Since the end of the Cold War, strategic stability and arms control have been used as means of managing less stable, though not hostile, US-Russian relations so that they do not lead to decisive confrontation, e.g., the negotiation of a Third Strategic Arms Reduction Treaty (START III) in the late 1990s, as Russia became increasingly dissatisfied with the eastward expansion of the North Atlantic Treaty Organization (NATO) as well as the US' development of theater missile defense (TMD) systems; the conclusion of the Strategic Offensive Capabilities Reduction Treaty (SORT) in 2002 after the US withdrawal from the Anti-Ballistic Missile (ABM) Treaty; and the adoption of the New Strategic Arms Reduction Treaty (New START) in 2010, one of the purposes of which was to "reset" deteriorating US-Russian relations.

Such expectations for strategic stability and arms control seemed to be alive and well in Geneva despite US-Russian relations being called the "worst" in the post-Cold War era and the two leaders holding separate post-meeting press conferences. The "Joint Statement on Strategic Stability" was the only document that the United States and Russia jointly issued at the summit meeting, which means that strategic stability and arms control were taken up again as a means of managing the relationship because they have a number of issues that are not easily amenable to resolution or cooperation.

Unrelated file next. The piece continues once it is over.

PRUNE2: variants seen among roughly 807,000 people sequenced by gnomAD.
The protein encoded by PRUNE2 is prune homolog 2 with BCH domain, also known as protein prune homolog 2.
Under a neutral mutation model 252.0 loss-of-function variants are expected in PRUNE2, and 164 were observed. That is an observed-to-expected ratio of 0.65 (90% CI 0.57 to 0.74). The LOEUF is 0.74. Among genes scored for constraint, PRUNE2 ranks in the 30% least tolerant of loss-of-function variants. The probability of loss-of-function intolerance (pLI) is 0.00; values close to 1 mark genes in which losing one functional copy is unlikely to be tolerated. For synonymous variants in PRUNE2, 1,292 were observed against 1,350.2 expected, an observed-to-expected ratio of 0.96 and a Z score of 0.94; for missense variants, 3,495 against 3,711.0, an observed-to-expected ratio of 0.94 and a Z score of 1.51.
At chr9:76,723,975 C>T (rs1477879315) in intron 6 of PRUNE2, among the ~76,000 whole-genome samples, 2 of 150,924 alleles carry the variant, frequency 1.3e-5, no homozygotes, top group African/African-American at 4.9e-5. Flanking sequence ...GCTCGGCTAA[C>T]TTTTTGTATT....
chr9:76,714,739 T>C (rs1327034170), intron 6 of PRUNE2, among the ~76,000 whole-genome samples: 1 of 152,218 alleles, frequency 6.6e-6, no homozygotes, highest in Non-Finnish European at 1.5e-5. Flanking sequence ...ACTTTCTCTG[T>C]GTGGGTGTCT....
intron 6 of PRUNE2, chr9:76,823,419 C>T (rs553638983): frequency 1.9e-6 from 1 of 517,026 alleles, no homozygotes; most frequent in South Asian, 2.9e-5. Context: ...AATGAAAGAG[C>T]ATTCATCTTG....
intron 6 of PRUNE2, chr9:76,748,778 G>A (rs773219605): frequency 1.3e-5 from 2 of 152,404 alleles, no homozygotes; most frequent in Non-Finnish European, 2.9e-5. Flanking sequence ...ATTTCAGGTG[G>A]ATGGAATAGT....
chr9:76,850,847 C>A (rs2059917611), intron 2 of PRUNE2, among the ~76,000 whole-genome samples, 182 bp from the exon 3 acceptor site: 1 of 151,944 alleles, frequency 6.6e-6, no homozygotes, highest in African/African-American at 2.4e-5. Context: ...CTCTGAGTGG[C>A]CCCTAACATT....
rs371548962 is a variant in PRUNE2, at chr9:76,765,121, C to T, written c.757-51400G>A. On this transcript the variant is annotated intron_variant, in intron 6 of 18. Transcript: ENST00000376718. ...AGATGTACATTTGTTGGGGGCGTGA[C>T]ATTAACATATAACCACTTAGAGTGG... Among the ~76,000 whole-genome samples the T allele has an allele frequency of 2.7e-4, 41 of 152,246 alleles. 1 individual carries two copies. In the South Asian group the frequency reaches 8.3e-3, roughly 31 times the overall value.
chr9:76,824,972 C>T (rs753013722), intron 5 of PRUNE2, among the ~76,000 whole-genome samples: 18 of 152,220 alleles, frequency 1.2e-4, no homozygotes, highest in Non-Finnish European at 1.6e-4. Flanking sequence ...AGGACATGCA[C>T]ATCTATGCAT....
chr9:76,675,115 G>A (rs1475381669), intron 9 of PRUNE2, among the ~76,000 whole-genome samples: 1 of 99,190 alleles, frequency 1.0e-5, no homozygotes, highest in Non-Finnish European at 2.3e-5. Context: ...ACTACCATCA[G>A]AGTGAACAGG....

Reaffirming the principle

In the second paragraph of the Joint Statement, the US and Russian presidents "reaffirm[ed] the principle that a nuclear war cannot be won and must never be fought." Needless to say, this principle was first agreed upon by President Ronald Reagan and General Secretary Mikhail Gorbachev at the US-Soviet summit in Geneva in November 1985, and expressed in their joint statement. At that time, the United States and the Soviet Union were in a serious dispute over the arms race in strategic nuclear forces and intermediate-range nuclear forces (INF), as well as over the US' Strategic Defense Initiative (SDI). After that summit meeting, however, the nuclear arms control negotiations began to make progress. The summit meeting also became an opportunity for the US-Soviet relationship, which had deteriorated to the extent that it was being labeled the "New Cold War" in the early 1980s, to take a major turn toward easing tensions, which eventually led to the end of the Cold War.